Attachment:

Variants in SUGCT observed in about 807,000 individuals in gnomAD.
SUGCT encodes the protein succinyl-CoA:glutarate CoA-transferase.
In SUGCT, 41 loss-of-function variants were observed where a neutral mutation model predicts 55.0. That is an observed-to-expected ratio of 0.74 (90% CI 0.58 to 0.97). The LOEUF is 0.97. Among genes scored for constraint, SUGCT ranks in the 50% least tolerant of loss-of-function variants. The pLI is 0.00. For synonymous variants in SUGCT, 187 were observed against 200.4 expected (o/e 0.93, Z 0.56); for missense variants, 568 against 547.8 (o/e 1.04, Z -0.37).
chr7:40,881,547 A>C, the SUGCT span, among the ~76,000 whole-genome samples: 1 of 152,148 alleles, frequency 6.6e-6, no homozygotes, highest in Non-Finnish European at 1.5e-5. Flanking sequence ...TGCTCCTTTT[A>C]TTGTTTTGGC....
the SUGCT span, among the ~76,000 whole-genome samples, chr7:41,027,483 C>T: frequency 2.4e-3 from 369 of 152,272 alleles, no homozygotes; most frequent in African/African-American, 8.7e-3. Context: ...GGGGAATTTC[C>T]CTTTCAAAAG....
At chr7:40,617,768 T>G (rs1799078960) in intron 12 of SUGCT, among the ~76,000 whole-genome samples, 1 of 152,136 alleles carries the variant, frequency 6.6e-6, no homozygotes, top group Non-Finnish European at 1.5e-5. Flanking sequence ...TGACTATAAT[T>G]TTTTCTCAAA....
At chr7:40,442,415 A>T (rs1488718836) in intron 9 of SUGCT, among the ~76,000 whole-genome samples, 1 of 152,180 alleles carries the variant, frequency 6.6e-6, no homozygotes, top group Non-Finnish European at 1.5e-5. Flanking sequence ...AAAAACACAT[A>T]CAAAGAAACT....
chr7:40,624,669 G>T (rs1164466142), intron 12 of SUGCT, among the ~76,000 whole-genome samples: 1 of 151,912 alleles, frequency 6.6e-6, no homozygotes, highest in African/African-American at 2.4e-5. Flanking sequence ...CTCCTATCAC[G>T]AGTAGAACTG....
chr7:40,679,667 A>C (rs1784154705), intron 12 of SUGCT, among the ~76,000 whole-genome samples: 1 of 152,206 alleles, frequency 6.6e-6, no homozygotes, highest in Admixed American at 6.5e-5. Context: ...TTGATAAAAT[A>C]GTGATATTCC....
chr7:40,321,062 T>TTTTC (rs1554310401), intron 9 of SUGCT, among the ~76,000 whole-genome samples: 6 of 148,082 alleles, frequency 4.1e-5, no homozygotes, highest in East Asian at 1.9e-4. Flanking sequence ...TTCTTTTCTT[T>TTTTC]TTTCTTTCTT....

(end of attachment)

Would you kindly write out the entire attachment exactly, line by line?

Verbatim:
Variants in SUGCT observed in about 807,000 individuals in gnomAD.
SUGCT encodes the protein succinyl-CoA:glutarate CoA-transferase.
In SUGCT, 41 loss-of-function variants were observed where a neutral mutation model predicts 55.0. That is an observed-to-expected ratio of 0.74 (90% CI 0.58 to 0.97). The LOEUF is 0.97. Among genes scored for constraint, SUGCT ranks in the 50% least tolerant of loss-of-function variants. The pLI is 0.00. For synonymous variants in SUGCT, 187 were observed against 200.4 expected (o/e 0.93, Z 0.56); for missense variants, 568 against 547.8 (o/e 1.04, Z -0.37).
chr7:40,881,547 A>C, the SUGCT span, among the ~76,000 whole-genome samples: 1 of 152,148 alleles, frequency 6.6e-6, no homozygotes, highest in Non-Finnish European at 1.5e-5. Flanking sequence ...TGCTCCTTTT[A>C]TTGTTTTGGC....
the SUGCT span, among the ~76,000 whole-genome samples, chr7:41,027,483 C>T: frequency 2.4e-3 from 369 of 152,272 alleles, no homozygotes; most frequent in African/African-American, 8.7e-3. Context: ...GGGGAATTTC[C>T]CTTTCAAAAG....
At chr7:40,617,768 T>G (rs1799078960) in intron 12 of SUGCT, among the ~76,000 whole-genome samples, 1 of 152,136 alleles carries the variant, frequency 6.6e-6, no homozygotes, top group Non-Finnish European at 1.5e-5. Flanking sequence ...TGACTATAAT[T>G]TTTTCTCAAA....
At chr7:40,442,415 A>T (rs1488718836) in intron 9 of SUGCT, among the ~76,000 whole-genome samples, 1 of 152,180 alleles carries the variant, frequency 6.6e-6, no homozygotes, top group Non-Finnish European at 1.5e-5. Flanking sequence ...AAAAACACAT[A>T]CAAAGAAACT....
chr7:40,624,669 G>T (rs1164466142), intron 12 of SUGCT, among the ~76,000 whole-genome samples: 1 of 151,912 alleles, frequency 6.6e-6, no homozygotes, highest in African/African-American at 2.4e-5. Flanking sequence ...CTCCTATCAC[G>T]AGTAGAACTG....
chr7:40,679,667 A>C (rs1784154705), intron 12 of SUGCT, among the ~76,000 whole-genome samples: 1 of 152,206 alleles, frequency 6.6e-6, no homozygotes, highest in Admixed American at 6.5e-5. Context: ...TTGATAAAAT[A>C]GTGATATTCC....
chr7:40,321,062 T>TTTTC (rs1554310401), intron 9 of SUGCT, among the ~76,000 whole-genome samples: 6 of 148,082 alleles, frequency 4.1e-5, no homozygotes, highest in East Asian at 1.9e-4. Flanking sequence ...TTCTTTTCTT[T>TTTTC]TTTCTTTCTT....